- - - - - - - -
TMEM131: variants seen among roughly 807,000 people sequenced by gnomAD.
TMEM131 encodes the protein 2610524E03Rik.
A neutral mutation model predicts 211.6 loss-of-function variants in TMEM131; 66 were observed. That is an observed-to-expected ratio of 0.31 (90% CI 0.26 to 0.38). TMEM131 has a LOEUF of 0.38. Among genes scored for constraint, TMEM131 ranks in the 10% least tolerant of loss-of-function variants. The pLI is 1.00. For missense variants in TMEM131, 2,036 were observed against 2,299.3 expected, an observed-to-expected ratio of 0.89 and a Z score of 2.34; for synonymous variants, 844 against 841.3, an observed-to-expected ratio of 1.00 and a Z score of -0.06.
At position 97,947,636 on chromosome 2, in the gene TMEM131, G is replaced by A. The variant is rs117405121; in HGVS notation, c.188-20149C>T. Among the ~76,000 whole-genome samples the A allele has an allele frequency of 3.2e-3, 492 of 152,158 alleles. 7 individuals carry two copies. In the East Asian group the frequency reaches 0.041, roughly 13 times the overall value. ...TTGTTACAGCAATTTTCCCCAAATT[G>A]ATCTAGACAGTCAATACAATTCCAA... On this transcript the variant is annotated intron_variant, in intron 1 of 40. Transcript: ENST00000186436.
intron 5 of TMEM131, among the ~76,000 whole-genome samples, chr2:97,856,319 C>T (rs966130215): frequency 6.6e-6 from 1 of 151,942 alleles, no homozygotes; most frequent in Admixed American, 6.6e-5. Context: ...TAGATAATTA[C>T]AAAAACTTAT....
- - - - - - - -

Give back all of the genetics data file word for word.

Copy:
TMEM131: variants seen among roughly 807,000 people sequenced by gnomAD.
TMEM131 encodes the protein 2610524E03Rik.
A neutral mutation model predicts 211.6 loss-of-function variants in TMEM131; 66 were observed. That is an observed-to-expected ratio of 0.31 (90% CI 0.26 to 0.38). TMEM131 has a LOEUF of 0.38. Among genes scored for constraint, TMEM131 ranks in the 10% least tolerant of loss-of-function variants. The pLI is 1.00. For missense variants in TMEM131, 2,036 were observed against 2,299.3 expected, an observed-to-expected ratio of 0.89 and a Z score of 2.34; for synonymous variants, 844 against 841.3, an observed-to-expected ratio of 1.00 and a Z score of -0.06.
At position 97,947,636 on chromosome 2, in the gene TMEM131, G is replaced by A. The variant is rs117405121; in HGVS notation, c.188-20149C>T. Among the ~76,000 whole-genome samples the A allele has an allele frequency of 3.2e-3, 492 of 152,158 alleles. 7 individuals carry two copies. In the East Asian group the frequency reaches 0.041, roughly 13 times the overall value. ...TTGTTACAGCAATTTTCCCCAAATT[G>A]ATCTAGACAGTCAATACAATTCCAA... On this transcript the variant is annotated intron_variant, in intron 1 of 40. Transcript: ENST00000186436.
intron 5 of TMEM131, among the ~76,000 whole-genome samples, chr2:97,856,319 C>T (rs966130215): frequency 6.6e-6 from 1 of 151,942 alleles, no homozygotes; most frequent in Admixed American, 6.6e-5. Context: ...TAGATAATTA[C>T]AAAAACTTAT....